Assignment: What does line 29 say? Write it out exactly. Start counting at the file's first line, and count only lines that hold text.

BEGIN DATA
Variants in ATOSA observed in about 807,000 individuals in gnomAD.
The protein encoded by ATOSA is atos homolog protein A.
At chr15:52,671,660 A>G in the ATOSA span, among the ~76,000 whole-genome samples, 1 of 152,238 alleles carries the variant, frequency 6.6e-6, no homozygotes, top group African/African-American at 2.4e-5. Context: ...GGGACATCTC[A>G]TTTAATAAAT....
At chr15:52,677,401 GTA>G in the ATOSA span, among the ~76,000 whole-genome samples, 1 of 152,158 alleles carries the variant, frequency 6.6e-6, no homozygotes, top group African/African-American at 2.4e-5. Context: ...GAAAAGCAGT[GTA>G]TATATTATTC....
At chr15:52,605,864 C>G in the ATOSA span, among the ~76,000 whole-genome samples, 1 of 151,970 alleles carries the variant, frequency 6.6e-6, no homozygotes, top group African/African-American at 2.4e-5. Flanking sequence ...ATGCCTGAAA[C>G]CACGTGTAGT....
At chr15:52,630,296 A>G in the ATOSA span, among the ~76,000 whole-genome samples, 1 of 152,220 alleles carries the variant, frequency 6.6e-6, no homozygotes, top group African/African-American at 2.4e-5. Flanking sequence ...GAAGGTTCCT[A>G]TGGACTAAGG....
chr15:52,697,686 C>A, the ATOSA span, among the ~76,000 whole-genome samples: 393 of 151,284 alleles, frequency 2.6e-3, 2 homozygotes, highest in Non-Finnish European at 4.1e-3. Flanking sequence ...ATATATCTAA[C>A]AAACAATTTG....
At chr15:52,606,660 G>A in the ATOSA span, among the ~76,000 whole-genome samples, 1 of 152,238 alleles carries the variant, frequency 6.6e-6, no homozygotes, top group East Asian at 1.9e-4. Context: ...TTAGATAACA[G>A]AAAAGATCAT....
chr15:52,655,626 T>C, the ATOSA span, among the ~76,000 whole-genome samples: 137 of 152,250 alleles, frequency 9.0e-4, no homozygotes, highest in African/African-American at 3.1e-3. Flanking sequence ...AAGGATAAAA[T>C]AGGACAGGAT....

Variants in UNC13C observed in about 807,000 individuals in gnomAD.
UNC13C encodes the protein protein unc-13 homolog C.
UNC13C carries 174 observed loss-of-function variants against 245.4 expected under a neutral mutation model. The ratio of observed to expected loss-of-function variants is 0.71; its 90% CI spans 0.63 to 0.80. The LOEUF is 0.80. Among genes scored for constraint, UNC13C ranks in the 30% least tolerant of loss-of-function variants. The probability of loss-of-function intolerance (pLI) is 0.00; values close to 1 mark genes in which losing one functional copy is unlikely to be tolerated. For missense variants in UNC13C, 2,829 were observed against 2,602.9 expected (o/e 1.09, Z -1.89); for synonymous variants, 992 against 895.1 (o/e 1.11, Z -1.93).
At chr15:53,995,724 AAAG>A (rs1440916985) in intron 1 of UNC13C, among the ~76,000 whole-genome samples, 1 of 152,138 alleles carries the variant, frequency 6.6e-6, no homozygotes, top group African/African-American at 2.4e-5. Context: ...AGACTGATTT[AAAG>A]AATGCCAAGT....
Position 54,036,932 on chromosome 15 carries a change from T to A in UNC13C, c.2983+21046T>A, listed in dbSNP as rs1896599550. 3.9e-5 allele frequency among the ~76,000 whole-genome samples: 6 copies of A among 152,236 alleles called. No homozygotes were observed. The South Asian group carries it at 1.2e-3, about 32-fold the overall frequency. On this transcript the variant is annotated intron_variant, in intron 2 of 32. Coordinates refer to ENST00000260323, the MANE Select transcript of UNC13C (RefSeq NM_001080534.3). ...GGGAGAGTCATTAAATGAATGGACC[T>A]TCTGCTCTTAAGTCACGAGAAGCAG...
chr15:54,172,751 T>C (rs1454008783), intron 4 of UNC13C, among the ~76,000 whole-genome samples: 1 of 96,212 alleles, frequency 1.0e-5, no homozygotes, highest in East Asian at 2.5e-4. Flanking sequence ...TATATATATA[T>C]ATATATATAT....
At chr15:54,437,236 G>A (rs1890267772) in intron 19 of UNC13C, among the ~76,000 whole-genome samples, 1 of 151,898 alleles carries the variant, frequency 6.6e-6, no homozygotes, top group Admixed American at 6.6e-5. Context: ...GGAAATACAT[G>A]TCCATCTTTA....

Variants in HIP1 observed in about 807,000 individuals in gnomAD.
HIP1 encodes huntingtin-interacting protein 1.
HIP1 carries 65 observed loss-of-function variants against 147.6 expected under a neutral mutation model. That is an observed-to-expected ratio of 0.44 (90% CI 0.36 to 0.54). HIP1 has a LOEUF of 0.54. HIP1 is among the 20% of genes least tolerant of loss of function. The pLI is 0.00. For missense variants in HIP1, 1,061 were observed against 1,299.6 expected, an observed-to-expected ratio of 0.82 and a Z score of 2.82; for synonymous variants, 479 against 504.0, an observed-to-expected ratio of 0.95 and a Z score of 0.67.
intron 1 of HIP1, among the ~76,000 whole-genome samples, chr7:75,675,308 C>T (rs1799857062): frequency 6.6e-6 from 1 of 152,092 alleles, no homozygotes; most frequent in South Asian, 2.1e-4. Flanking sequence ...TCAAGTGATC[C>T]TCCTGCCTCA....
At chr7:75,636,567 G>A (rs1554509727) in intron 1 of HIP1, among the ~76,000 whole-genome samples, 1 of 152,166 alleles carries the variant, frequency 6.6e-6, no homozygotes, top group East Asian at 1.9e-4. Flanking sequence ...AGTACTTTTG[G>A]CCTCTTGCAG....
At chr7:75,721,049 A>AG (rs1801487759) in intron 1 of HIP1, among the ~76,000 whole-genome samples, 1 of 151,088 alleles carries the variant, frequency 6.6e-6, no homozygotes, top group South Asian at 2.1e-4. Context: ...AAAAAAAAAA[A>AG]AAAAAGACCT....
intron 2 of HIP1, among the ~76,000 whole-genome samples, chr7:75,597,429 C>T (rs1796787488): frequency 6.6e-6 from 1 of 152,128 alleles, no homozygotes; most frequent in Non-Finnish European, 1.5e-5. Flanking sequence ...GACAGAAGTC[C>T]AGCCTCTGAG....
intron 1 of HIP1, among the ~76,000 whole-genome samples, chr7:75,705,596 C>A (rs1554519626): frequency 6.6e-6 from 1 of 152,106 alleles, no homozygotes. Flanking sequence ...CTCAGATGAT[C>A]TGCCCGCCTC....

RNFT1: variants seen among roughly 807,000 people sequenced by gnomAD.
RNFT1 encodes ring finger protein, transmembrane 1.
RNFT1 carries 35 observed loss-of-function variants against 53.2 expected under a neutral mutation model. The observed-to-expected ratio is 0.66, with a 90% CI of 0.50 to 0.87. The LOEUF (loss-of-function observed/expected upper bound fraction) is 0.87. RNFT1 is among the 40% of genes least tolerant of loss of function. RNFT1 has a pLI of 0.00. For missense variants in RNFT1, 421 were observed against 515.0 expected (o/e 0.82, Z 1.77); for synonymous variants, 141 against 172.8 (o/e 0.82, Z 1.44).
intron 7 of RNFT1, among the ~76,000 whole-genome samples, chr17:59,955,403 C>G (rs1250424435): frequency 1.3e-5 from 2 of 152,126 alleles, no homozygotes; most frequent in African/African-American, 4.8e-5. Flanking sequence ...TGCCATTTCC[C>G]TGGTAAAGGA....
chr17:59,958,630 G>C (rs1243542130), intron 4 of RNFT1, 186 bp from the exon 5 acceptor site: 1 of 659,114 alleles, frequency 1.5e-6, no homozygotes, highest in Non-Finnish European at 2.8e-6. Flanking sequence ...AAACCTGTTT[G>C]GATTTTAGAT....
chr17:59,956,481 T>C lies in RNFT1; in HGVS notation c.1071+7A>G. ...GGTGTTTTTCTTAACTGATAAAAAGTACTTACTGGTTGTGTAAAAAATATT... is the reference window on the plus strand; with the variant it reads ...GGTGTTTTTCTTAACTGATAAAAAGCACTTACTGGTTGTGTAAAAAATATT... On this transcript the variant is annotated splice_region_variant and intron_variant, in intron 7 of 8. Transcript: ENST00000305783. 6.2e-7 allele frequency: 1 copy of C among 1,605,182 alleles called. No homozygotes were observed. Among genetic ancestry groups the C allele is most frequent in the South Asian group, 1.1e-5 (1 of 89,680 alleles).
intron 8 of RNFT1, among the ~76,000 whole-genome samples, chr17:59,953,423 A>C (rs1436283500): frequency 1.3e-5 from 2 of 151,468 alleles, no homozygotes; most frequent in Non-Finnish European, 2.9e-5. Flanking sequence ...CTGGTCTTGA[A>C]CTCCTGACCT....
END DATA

chr17:59,958,630 G>C (rs1243542130), intron 4 of RNFT1, 186 bp from the exon 5 acceptor site: 1 of 659,114 alleles, frequency 1.5e-6, no homozygotes, highest in Non-Finnish European at 2.8e-6. Flanking sequence ...AAACCTGTTT[G>C]GATTTTAGAT....